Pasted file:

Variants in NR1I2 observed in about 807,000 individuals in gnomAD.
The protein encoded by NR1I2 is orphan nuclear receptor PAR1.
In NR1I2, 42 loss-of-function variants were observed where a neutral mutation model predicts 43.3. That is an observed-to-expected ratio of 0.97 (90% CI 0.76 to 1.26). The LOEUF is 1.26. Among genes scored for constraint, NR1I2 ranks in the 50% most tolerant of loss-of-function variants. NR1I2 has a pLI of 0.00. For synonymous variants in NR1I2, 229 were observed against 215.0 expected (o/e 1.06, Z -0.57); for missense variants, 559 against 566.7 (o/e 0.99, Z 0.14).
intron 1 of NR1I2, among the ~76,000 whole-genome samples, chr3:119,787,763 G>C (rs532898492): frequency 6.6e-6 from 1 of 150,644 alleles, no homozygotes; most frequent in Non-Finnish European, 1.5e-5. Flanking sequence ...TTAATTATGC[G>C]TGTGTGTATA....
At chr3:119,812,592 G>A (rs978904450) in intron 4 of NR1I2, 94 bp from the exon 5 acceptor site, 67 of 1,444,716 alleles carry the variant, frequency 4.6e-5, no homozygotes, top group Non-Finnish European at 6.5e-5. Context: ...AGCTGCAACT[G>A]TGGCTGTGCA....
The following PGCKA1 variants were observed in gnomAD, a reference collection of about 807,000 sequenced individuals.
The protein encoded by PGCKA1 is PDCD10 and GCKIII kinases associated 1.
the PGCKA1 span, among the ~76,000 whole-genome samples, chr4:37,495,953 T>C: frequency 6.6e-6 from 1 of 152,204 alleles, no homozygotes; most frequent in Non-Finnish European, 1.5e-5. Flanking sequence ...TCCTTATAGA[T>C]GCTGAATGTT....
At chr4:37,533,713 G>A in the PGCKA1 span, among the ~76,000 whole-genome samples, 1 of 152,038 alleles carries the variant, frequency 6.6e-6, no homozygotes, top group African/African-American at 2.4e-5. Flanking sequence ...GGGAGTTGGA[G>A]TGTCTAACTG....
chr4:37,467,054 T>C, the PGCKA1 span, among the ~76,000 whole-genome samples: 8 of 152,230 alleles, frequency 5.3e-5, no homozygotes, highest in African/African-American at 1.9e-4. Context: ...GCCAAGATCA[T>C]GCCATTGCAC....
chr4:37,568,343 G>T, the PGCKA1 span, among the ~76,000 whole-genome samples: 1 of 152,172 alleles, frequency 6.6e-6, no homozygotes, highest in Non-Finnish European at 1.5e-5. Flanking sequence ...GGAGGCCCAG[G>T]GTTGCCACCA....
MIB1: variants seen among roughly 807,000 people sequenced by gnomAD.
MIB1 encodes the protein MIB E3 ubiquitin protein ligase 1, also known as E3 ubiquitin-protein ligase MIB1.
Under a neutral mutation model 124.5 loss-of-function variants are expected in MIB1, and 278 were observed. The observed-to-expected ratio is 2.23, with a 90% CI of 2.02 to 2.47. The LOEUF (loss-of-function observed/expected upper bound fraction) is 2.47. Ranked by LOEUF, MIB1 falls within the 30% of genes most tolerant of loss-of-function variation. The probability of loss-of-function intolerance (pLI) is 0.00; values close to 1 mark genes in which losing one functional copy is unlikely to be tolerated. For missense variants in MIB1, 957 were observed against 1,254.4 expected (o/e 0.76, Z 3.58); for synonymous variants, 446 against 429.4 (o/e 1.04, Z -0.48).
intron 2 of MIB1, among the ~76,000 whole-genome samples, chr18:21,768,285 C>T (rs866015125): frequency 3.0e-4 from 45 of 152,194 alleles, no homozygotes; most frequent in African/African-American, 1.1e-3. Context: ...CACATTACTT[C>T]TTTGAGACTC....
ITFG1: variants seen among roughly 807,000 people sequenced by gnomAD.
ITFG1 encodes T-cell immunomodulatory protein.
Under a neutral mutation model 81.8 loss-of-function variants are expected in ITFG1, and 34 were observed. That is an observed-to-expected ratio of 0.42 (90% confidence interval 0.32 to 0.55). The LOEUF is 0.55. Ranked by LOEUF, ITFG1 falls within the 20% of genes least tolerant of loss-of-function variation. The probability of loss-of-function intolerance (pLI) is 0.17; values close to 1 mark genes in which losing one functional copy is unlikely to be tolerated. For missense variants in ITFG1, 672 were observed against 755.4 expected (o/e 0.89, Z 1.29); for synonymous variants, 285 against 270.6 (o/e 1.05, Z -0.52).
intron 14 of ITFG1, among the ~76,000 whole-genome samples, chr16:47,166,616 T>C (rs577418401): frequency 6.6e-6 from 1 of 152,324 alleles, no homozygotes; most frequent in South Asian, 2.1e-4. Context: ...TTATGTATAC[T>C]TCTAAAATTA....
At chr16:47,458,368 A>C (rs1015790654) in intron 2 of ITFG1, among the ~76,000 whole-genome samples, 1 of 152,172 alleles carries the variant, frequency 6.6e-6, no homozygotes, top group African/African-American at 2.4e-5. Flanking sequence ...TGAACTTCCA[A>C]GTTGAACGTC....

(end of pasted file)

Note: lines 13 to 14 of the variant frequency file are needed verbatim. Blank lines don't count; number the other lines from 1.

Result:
MIB1 encodes the protein MIB E3 ubiquitin protein ligase 1, also known as E3 ubiquitin-protein ligase MIB1.
Under a neutral mutation model 124.5 loss-of-function variants are expected in MIB1, and 278 were observed. The observed-to-expected ratio is 2.23, with a 90% CI of 2.02 to 2.47. The LOEUF (loss-of-function observed/expected upper bound fraction) is 2.47. Ranked by LOEUF, MIB1 falls within the 30% of genes most tolerant of loss-of-function variation. The probability of loss-of-function intolerance (pLI) is 0.00; values close to 1 mark genes in which losing one functional copy is unlikely to be tolerated. For missense variants in MIB1, 957 were observed against 1,254.4 expected (o/e 0.76, Z 3.58); for synonymous variants, 446 against 429.4 (o/e 1.04, Z -0.48).